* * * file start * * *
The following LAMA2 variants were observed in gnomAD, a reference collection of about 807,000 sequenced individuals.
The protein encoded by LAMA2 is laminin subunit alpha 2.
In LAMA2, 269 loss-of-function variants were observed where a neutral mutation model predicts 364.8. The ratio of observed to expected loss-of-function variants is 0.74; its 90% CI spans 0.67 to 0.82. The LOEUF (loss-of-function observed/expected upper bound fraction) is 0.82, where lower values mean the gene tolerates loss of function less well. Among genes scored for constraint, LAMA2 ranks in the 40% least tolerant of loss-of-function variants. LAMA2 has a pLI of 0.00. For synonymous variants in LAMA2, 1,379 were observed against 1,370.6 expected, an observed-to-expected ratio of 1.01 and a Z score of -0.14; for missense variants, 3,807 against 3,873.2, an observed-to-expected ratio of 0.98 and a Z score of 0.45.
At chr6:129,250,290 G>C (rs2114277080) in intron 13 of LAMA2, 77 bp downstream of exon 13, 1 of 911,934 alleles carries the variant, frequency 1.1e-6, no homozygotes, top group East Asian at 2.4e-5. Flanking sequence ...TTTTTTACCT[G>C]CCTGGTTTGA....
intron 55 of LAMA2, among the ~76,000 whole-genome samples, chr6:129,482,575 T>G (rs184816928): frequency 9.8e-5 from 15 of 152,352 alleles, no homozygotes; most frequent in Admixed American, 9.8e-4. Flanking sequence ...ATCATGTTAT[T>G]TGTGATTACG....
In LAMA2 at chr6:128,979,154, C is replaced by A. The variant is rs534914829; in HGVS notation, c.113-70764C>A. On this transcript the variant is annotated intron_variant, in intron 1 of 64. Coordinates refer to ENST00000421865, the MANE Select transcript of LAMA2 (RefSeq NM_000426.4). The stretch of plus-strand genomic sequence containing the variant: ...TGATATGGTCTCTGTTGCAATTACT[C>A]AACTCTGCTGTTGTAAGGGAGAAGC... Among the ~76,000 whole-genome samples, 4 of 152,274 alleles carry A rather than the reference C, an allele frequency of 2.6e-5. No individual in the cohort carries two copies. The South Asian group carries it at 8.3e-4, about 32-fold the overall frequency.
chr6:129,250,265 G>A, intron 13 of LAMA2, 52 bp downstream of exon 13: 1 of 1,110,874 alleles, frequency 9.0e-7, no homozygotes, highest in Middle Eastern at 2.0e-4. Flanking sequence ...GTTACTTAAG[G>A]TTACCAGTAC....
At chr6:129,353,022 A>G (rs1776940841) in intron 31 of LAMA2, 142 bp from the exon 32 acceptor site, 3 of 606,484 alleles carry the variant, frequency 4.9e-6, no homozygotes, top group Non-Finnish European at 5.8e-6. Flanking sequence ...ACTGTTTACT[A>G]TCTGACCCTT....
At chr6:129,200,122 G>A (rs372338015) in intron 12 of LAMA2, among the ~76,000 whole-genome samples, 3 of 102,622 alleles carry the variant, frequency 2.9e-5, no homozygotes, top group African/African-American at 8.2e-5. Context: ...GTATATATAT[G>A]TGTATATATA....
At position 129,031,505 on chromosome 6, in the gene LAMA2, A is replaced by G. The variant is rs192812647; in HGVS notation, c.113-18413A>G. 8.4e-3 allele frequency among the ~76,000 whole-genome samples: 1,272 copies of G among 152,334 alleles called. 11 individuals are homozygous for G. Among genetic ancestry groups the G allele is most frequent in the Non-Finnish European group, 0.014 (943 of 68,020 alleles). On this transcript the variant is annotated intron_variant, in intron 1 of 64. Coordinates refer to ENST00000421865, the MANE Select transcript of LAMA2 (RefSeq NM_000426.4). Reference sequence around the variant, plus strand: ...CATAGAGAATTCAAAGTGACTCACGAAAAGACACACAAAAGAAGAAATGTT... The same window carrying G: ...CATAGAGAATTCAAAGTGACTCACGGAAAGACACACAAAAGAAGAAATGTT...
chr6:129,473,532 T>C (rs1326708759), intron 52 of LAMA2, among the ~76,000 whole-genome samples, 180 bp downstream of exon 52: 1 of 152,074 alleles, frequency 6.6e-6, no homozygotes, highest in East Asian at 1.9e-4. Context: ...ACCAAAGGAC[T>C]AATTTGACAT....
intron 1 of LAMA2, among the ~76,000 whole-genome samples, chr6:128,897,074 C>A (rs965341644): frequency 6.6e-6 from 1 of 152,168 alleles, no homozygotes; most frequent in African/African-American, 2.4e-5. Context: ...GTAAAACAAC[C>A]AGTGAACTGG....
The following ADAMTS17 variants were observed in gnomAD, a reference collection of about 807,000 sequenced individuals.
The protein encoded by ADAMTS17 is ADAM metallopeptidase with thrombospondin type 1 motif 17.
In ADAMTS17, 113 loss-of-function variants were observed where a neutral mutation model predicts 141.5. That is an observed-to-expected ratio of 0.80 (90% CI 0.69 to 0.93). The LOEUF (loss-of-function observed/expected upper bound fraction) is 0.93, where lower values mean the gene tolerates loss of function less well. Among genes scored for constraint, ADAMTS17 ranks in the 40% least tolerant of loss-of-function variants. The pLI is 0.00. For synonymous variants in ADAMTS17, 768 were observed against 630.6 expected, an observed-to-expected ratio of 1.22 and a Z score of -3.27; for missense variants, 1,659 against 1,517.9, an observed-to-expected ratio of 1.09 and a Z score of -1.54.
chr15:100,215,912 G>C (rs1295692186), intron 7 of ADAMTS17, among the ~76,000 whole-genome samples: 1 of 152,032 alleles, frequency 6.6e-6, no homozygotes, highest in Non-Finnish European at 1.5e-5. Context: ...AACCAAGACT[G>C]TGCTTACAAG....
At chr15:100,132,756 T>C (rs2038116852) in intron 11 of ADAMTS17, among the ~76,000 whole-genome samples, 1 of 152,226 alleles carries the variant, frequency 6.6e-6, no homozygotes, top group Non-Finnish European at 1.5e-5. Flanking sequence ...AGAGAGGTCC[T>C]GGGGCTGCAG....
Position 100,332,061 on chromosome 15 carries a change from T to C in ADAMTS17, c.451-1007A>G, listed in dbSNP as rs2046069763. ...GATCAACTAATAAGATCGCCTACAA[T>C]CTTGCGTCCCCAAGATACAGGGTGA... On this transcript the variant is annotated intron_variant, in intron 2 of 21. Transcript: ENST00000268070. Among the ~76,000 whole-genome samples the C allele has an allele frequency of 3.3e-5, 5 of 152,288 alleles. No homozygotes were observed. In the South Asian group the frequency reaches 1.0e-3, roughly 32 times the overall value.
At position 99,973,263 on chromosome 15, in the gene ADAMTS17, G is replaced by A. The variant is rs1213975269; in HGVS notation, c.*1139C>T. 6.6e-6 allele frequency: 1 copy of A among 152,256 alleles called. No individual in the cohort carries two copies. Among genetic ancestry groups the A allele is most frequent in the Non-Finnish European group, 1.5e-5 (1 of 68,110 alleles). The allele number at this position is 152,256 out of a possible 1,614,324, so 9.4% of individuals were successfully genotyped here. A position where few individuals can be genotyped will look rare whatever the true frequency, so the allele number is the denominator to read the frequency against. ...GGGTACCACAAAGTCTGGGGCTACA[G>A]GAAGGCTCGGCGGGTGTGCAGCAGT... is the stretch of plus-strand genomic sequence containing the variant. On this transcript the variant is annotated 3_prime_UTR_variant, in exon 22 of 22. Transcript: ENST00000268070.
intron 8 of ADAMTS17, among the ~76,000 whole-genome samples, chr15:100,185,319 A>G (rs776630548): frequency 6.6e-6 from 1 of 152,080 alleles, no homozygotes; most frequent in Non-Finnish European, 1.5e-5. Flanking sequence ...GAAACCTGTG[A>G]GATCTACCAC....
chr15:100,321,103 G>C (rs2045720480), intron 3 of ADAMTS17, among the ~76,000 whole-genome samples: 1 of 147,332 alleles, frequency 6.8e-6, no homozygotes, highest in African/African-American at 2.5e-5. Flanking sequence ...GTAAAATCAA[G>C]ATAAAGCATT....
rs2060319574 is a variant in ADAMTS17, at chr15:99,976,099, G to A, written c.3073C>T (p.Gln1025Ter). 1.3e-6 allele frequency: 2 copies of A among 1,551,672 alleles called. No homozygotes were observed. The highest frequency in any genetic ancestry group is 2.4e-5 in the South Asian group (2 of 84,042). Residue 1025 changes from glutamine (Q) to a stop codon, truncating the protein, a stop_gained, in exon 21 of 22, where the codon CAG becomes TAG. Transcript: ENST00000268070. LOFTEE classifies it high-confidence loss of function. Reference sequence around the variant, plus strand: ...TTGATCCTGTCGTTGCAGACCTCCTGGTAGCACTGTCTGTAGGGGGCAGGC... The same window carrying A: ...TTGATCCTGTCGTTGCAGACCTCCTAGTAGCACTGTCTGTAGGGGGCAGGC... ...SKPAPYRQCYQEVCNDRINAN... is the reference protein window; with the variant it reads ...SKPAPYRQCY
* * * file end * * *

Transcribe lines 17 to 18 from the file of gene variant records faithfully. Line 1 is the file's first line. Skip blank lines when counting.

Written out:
At chr15:100,132,756 T>C (rs2038116852) in intron 11 of ADAMTS17, among the ~76,000 whole-genome samples, 1 of 152,226 alleles carries the variant, frequency 6.6e-6, no homozygotes, top group Non-Finnish European at 1.5e-5. Flanking sequence ...AGAGAGGTCC[T>C]GGGGCTGCAG....
Position 100,332,061 on chromosome 15 carries a change from T to C in ADAMTS17, c.451-1007A>G, listed in dbSNP as rs2046069763. ...GATCAACTAATAAGATCGCCTACAA[T>C]CTTGCGTCCCCAAGATACAGGGTGA... On this transcript the variant is annotated intron_variant, in intron 2 of 21. Transcript: ENST00000268070. Among the ~76,000 whole-genome samples the C allele has an allele frequency of 3.3e-5, 5 of 152,288 alleles. No homozygotes were observed. In the South Asian group the frequency reaches 1.0e-3, roughly 32 times the overall value.